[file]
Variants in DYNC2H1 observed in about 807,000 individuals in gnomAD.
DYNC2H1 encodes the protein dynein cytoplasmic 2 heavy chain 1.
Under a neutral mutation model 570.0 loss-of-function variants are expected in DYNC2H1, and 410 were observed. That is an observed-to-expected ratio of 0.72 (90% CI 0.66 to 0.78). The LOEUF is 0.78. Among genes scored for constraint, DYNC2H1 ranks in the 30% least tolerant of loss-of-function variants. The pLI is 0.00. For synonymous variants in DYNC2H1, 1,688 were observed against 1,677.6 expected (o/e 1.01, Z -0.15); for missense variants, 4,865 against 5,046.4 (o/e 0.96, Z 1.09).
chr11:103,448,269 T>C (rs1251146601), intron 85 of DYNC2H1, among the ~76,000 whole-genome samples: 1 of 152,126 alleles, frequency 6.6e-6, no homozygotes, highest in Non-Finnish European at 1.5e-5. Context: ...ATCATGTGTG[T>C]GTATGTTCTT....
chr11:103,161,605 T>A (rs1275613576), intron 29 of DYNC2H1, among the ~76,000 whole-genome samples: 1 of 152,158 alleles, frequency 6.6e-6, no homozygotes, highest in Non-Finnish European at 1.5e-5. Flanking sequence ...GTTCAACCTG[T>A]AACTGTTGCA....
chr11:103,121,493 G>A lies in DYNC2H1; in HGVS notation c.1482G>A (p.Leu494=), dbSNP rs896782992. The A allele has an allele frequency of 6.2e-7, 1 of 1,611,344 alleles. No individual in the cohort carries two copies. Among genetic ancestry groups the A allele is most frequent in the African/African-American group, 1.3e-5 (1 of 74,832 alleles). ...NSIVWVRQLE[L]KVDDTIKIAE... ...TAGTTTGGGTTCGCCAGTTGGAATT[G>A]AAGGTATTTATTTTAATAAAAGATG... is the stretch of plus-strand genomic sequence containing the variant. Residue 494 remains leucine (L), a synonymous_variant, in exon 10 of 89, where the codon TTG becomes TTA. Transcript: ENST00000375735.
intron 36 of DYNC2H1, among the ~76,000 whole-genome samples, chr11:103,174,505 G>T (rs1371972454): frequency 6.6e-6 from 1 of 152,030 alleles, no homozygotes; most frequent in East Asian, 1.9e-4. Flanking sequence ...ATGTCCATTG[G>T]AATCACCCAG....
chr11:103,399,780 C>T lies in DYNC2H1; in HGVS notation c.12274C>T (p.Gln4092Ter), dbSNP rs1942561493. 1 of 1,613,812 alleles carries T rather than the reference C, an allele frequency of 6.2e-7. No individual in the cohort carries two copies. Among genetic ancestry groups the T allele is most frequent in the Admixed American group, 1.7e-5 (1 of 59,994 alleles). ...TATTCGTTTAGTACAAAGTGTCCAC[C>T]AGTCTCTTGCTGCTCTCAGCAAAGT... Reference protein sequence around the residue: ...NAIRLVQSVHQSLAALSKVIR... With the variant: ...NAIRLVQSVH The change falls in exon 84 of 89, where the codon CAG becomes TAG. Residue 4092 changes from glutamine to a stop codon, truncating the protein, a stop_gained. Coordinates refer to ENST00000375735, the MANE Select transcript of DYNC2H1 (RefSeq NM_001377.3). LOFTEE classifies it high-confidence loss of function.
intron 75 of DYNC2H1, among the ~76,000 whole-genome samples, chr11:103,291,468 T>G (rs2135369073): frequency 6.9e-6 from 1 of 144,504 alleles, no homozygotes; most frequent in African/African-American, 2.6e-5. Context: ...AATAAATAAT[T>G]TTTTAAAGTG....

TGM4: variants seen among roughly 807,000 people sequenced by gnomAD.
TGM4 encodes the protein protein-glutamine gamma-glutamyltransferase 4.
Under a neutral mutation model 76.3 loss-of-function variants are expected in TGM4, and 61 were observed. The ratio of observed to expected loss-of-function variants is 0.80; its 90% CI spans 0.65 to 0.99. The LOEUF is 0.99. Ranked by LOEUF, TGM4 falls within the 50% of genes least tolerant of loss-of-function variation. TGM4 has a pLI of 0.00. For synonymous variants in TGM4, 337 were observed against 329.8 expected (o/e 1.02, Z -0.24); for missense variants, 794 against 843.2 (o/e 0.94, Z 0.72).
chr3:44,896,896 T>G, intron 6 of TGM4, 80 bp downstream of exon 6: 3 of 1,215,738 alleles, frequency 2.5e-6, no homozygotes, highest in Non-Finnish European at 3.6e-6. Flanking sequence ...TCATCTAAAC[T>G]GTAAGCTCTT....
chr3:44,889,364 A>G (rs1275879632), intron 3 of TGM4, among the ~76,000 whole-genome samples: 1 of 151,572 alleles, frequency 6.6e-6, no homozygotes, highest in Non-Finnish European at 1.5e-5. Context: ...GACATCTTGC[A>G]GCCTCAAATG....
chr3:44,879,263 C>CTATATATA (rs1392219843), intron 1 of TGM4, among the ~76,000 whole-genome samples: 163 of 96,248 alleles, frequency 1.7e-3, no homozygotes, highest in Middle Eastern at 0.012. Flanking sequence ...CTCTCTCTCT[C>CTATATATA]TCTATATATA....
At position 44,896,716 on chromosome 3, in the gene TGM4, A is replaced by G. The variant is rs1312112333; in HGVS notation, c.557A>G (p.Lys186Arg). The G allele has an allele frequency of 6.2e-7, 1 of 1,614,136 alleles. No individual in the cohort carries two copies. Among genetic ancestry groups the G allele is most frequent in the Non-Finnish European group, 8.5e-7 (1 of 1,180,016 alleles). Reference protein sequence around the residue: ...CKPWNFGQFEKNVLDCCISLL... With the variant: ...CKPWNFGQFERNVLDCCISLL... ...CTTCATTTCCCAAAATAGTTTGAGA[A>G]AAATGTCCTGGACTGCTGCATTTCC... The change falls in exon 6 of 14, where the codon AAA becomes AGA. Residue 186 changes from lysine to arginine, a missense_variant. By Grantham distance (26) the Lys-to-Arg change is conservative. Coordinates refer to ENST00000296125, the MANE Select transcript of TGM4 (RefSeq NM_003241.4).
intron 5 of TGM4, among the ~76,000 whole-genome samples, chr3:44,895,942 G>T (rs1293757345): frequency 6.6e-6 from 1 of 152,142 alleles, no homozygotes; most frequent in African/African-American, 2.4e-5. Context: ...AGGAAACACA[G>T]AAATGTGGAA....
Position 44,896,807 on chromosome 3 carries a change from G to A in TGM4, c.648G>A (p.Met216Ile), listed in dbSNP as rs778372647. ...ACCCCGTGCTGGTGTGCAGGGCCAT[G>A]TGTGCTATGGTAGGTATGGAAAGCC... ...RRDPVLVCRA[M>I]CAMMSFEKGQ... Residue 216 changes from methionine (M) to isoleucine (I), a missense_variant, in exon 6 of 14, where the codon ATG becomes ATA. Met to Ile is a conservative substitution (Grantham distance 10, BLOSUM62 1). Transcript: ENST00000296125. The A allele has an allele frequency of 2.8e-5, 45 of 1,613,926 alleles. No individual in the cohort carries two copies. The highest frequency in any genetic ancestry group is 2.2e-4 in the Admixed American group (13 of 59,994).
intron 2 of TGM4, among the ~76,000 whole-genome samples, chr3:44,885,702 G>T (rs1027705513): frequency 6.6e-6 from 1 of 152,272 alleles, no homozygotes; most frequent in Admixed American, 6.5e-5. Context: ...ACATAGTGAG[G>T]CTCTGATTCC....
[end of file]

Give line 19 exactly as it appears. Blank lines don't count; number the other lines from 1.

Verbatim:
intron 2 of TGM4, among the ~76,000 whole-genome samples, chr3:44,885,702 G>T (rs1027705513): frequency 6.6e-6 from 1 of 152,272 alleles, no homozygotes; most frequent in Admixed American, 6.5e-5. Context: ...ACATAGTGAG[G>T]CTCTGATTCC....